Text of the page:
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Garda murder Killer Aaron Brady lodges appeal against conviction on 46 grounds

Brady was found guilty of the murder of Det Gda Donohoe by an 11 to one majority jury verdict at the Central Criminal Court on August 11 last year.

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Aaron Brady

Aaron Brady

Aaron Brady

Aaron Brady, who was sentenced to life imprisonment for the murder of Detective Garda Adrian Donohoe, has lodged an appeal on 46 grounds against his conviction.


Brady lodged his appeal on October 22 last and his grounds of appeal were submitted on December 3. It is expected that the 29-year-old's full appeal hearing will not take place before October and could last up to five days before the three-judge court.

Aaron Brady was found guilty of the murder of Det Gda Donohoe by an 11 to one majority jury verdict at the Central Criminal Court on August 11 last year.

Last October, the father-of-one with a last address at New Road, Crossmaglen, Co Armagh was sentenced to the mandatory term for murder of life imprisonment with a minimum time served of 40 years.

Brady was also sentenced to 14 years for the robbery of €7,000 - a sentence that will run concurrently with the life sentence - at Lordship Credit Union in Bellurgen, Co Louth on January 25, 2013.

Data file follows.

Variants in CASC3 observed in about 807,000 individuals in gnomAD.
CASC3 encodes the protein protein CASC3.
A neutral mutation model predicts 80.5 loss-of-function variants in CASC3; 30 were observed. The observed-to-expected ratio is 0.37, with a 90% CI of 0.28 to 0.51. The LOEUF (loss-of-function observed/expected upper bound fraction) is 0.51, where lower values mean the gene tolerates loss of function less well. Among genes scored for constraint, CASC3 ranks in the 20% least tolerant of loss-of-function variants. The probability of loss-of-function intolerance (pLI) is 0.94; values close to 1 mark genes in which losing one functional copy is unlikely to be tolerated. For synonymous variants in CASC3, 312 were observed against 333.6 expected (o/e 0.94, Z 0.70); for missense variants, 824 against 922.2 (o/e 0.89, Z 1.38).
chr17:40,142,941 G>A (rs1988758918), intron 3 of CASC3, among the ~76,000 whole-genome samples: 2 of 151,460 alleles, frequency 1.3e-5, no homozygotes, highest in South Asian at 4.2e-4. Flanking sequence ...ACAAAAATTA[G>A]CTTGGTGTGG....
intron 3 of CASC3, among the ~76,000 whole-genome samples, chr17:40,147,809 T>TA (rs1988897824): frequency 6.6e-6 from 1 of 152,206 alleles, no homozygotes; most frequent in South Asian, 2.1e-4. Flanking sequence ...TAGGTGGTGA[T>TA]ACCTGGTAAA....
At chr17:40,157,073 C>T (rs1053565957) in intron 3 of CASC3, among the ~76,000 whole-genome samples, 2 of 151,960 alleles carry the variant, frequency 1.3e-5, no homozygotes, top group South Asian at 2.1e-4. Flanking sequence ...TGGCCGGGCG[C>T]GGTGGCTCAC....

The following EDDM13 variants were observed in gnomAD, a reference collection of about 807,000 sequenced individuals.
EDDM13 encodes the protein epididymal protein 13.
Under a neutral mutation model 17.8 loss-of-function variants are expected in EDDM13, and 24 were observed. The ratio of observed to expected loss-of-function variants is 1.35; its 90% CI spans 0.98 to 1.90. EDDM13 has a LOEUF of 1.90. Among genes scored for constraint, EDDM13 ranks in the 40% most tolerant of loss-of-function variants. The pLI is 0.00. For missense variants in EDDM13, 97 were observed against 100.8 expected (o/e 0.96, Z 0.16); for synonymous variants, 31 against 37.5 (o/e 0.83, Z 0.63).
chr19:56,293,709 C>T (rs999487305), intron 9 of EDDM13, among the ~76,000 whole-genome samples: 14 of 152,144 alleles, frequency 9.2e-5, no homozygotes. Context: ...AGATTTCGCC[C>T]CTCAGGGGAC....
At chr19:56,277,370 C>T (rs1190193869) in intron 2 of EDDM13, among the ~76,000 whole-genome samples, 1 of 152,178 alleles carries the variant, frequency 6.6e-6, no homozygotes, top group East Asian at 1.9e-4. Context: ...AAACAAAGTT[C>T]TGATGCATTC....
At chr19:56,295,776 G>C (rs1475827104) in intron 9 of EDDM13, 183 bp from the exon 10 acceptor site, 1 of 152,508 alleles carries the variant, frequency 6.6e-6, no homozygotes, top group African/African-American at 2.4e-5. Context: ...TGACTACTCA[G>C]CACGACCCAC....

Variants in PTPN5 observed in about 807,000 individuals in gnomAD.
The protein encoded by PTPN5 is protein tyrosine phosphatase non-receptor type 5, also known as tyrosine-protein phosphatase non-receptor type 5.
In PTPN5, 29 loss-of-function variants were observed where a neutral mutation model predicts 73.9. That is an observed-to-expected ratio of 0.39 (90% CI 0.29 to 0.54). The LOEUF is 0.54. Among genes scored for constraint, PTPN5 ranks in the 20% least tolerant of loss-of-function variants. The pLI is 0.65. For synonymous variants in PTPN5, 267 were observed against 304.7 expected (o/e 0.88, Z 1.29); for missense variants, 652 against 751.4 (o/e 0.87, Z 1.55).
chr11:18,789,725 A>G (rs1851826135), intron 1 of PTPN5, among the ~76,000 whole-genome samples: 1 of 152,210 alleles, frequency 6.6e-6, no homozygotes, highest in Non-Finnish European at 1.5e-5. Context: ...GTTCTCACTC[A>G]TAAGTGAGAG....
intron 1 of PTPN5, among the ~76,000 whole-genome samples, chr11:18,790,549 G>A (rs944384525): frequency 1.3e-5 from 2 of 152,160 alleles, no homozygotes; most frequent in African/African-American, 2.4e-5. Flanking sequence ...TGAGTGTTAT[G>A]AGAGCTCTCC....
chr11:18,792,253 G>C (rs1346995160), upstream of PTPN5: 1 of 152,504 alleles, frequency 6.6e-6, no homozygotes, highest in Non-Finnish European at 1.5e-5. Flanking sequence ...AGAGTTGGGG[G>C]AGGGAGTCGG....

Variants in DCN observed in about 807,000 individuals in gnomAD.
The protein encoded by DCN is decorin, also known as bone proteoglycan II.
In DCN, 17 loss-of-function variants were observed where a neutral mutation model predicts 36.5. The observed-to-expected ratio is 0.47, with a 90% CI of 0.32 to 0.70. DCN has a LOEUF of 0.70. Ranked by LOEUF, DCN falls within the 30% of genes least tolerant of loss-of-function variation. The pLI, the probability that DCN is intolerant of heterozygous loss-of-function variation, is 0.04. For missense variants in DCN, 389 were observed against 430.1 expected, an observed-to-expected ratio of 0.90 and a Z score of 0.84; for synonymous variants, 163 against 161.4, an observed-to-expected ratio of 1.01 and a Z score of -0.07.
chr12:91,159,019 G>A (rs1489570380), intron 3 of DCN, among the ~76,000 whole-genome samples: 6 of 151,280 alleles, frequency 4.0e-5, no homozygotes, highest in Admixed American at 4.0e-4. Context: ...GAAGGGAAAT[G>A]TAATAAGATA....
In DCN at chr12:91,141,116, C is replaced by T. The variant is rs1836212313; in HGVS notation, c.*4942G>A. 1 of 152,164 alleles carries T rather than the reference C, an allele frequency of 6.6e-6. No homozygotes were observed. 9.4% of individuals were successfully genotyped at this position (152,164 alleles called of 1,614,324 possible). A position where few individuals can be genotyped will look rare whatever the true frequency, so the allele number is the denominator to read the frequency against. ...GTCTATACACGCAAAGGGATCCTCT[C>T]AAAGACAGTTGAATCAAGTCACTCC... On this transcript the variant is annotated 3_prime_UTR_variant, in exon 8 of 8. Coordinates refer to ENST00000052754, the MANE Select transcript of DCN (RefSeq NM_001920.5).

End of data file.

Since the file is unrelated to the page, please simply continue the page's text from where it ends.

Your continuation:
One of the most important grounds of the 46 is likely to be a decision by the trial judge Mr Justice Michael White to refuse to allow the defence to call evidence regarding what they saw as possible witness inducement by Homeland Security in America.

The controversy arose after gardai disclosed thousands of files to Brady ahead of his trial. Among the files, Brady's lawyers discovered a recording of a conversation between Special Agent Matt Katske and Brady's best friend, who is also a suspect (Suspect A) in the Lordship robbery.

Special Agent Katske works for Homeland Security and at the time of the recording, in July 2017, he was attached to the British Embassy. Gardai were still building their case against Brady with members of the National Bureau of Criminal Investigation regularly travelling to New York hoping to speak to people who had information that might help to finger Brady as the gunman.

Katske had travelled to Belfast to intercept Suspect A at George Best Airport. Suspect A covertly recorded the conversation and later sent a digital copy of that recording to Agent Katske who in turn sent the recording to the then senior investigating officer in the Brady investigation, Pat Marry, now retired but a detective inspector at the time.